Galls are abnormal growths on a plant that can have various causes, including viruses, nematodes, bacteria, fungi, mites and insects. Aphids, flies and wasps are some of the insects known to cause galls. Generally plants can tolerate galls with no obvious injury. However, a very high incidence of galls can damage and even kills plants.
Gall formers on eucalypts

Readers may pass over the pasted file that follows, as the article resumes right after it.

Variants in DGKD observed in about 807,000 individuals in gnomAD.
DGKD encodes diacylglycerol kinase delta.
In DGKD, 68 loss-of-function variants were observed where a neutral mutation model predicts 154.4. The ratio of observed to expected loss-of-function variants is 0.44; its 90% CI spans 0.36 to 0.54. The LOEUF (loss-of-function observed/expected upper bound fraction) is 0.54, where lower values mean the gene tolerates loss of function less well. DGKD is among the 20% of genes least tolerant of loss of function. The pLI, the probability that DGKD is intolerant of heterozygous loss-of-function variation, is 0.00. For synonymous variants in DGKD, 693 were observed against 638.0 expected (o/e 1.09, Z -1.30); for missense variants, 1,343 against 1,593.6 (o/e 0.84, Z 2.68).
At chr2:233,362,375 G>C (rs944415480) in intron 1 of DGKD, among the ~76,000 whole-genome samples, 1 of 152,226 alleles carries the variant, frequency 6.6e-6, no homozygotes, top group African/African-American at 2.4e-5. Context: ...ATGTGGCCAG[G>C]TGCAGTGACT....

The Eucalyptus gall wasp (Leptocybe invasa) is currently the only gall forming insect in South Africa which is considered a serious pest of plantation forest trees. This insect, which infests Eucalyptus, was accidentally introduced from Australia. It was first detected in South Africa in 2007 (and only in 2009 in forestry areas). The Eucalyptus gall wasp causes galls on the stems, petioles and midrib of leaves. Damage by this insect is particularly severe on younger trees, where the majority of leaves can have galls, resulting in severe leaf drop. In such cases, stunting of growth and possibly tree death can occur. The adult wasp is minute (about 1.4 mm), but the galls, which often contain multiple eggs of the Eucalyptus gall wasp, are easily visible. Severely infested trees have a gnarled appearance.